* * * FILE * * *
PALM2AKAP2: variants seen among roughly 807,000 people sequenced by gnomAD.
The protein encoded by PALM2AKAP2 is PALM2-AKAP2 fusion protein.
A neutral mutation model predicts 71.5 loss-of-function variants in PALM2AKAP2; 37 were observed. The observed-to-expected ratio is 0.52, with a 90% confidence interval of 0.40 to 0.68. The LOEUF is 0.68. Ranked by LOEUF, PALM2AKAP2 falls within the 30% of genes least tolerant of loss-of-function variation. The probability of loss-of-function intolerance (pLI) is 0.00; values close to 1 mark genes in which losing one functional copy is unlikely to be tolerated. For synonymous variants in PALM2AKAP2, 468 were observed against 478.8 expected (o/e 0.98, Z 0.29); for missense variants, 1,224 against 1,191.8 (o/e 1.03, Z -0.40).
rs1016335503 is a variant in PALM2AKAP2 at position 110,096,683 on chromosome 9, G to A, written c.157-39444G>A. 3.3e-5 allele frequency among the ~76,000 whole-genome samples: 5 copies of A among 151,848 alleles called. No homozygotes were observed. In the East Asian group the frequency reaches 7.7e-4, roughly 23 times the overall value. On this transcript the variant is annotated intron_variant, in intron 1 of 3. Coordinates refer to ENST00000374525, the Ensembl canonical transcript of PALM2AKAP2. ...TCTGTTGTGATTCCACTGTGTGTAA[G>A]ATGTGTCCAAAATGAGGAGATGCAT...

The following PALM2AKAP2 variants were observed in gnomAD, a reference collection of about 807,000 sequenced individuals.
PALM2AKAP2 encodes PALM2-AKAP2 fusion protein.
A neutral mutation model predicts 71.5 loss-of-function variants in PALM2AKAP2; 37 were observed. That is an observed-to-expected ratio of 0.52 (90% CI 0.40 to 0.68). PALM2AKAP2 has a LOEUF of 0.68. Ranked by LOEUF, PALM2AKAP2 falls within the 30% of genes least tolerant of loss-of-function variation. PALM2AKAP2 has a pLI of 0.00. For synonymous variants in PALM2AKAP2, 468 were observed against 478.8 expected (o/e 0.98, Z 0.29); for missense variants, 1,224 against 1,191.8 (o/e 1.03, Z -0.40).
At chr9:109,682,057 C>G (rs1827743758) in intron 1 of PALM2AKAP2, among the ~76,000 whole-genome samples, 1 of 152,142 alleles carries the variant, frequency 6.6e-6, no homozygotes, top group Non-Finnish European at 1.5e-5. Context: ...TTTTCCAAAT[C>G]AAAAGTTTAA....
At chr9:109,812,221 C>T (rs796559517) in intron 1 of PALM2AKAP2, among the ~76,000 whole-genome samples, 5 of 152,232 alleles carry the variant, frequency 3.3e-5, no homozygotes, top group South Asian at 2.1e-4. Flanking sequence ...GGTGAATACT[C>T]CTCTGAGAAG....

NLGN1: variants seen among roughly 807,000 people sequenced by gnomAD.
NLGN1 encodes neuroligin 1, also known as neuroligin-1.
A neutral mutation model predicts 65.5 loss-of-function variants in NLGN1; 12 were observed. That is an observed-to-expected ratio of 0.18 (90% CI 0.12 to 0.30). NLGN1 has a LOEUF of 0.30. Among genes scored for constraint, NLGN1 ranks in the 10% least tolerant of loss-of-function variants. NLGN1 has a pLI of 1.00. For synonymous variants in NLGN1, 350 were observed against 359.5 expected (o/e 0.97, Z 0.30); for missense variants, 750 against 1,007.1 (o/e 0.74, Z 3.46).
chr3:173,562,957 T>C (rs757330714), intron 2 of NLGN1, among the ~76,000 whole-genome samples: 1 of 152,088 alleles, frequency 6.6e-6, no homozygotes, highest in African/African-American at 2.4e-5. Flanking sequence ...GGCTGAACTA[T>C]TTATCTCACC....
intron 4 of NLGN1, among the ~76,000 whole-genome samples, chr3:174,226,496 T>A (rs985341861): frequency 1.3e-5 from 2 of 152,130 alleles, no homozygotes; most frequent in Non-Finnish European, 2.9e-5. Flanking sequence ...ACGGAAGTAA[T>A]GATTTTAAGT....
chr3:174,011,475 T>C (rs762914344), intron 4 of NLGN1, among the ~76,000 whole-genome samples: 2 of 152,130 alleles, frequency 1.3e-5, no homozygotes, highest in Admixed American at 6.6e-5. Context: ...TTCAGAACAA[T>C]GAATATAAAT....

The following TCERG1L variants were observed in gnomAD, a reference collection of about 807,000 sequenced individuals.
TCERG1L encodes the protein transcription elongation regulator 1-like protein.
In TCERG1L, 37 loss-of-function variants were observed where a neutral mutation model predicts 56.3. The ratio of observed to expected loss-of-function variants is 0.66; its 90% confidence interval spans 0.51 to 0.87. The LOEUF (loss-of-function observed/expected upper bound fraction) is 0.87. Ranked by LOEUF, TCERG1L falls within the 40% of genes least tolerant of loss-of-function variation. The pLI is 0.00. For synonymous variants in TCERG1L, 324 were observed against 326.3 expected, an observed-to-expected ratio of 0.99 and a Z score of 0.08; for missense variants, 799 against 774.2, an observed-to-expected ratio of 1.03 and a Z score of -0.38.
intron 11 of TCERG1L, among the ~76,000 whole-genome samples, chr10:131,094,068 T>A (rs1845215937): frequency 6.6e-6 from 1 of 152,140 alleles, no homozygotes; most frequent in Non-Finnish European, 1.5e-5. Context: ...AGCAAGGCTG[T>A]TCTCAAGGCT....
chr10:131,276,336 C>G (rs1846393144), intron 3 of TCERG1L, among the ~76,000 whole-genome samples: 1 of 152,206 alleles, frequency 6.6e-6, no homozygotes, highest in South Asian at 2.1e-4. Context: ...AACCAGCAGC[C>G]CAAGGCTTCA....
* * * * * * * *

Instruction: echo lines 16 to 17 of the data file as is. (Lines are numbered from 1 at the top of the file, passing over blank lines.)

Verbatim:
The following TCERG1L variants were observed in gnomAD, a reference collection of about 807,000 sequenced individuals.
TCERG1L encodes the protein transcription elongation regulator 1-like protein.